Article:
Movement Strategies During Haptic Search: Implications for the Learning of Blind Populations
- Author(s): Morash, Valerie Starr
- Advisor(s): Banks, Martin
- et al.
This research investigates the finger-movement strategies used by blindfolded sighted participants when completing a search task on a tactile map. These participants can be considered similar to individuals with recent vision loss, for example due to age-related causes that are responsible for the majority visual impairments in the developed world. The results could also be extended to children with acquired visual impairments, who are likely to encounter a large number of tactile maps and graphics in their continuing education. Tactile maps, and tactile graphics in general, provide opportunities to individuals with low or no vision to access educational, professional, and other graphical materials. However, performance with tactile graphics is highly dependent on the finger-movement strategies used. Results of this dissertation can provide insight into the type of movement strategies that are likely to be used by individuals with a recently acquired visual impairment, and can inform tactile training and the design of tactile displays for these individuals.
Finger-position data were collected from nine right-handed blindfolded sighted participants as they searched for a landmark on a tactile map using either one or five fingers. Three separate sets of analyses were conducted. In the first, the spatial and temporal distributions of finger locations during the haptic search task were analyzed to investigate why five-finger search is significantly faster than one-finger search. Results supported the possibility that five-finger search was benefited by greater throughput of information, with information flowing through multiple fingers, and the larger detection radius of the hand during five-finger search. The results did not support faster index-finger movement in five-finger search, nor the use of fingers as non-moving anchors to promote better allocentric spatial representations.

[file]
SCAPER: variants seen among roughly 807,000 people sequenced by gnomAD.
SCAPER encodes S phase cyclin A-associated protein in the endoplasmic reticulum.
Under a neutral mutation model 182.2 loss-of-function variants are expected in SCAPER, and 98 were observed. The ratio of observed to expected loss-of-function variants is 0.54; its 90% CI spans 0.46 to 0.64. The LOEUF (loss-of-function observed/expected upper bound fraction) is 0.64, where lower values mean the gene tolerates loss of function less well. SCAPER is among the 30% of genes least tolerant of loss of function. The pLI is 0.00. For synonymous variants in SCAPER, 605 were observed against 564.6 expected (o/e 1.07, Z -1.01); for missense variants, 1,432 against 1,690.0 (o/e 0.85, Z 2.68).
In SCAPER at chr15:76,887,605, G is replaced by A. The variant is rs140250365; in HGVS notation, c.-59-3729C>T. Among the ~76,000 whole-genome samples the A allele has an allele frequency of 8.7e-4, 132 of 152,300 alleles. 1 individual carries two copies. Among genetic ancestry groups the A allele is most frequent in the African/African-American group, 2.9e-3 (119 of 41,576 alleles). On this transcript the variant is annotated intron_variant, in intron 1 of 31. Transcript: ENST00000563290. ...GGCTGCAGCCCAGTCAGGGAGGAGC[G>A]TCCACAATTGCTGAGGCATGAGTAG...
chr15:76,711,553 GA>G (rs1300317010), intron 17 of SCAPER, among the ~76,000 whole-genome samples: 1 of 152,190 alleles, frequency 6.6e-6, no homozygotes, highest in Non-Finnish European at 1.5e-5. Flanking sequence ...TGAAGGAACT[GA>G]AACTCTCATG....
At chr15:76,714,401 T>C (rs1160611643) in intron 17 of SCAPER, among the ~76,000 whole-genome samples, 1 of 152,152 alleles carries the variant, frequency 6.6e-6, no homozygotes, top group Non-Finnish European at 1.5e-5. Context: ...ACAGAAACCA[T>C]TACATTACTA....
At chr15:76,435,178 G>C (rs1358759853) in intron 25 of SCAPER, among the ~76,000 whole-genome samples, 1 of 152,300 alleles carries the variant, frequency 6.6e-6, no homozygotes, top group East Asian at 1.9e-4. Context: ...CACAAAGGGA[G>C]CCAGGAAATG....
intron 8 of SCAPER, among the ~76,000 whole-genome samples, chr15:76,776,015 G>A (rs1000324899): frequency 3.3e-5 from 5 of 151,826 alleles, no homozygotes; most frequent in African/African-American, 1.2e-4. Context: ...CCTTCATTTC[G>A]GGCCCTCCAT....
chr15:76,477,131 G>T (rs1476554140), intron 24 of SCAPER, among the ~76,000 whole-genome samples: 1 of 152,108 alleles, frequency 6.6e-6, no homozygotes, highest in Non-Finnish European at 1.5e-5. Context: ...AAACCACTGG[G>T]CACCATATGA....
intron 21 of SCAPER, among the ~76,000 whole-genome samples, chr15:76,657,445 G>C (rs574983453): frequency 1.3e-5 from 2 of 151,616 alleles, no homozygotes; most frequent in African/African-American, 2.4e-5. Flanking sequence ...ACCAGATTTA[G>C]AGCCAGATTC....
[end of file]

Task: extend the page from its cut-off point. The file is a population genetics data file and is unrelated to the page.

The second set of analyses investigated the use of systematic strategies: spirals, zigzags, and parallel sweeps, during haptic search. Monte Carlo simulations were used to demonstrate that a systematic strategy is more efficient than a random walk (Brownian, L'evy, or ballistic) When searching for a non-revisitable target in an enclosed space. However, this efficiency benefit decreases with increased detection radius. Systematic strategies were observed and coded in the finger-movement trajectories, and were found to be more prevalent in one-finger search than five-finger search, agreeing with predictions based on the Monte Carlo simulations. This effect was not explained by longer one-finger search times.
Finally, an initial model of finger-movement trajectories was constructed based on the Langevin equation, a stochastic differential equation describing correlated random motion. This model allowed for stimulus features to attract or repel finger movements through instantiation of a potential function. Ornstein-Uhlenbeck schemes of attraction and repulsion were activated through spatial thresholds, determined using Maximum Likelihood Estimation. These models revealed benefits of five-finger search over one-finger search that were not apparent in previous analyses. Namely, attraction to distractors was reduced in five-finger compared to one-finger search.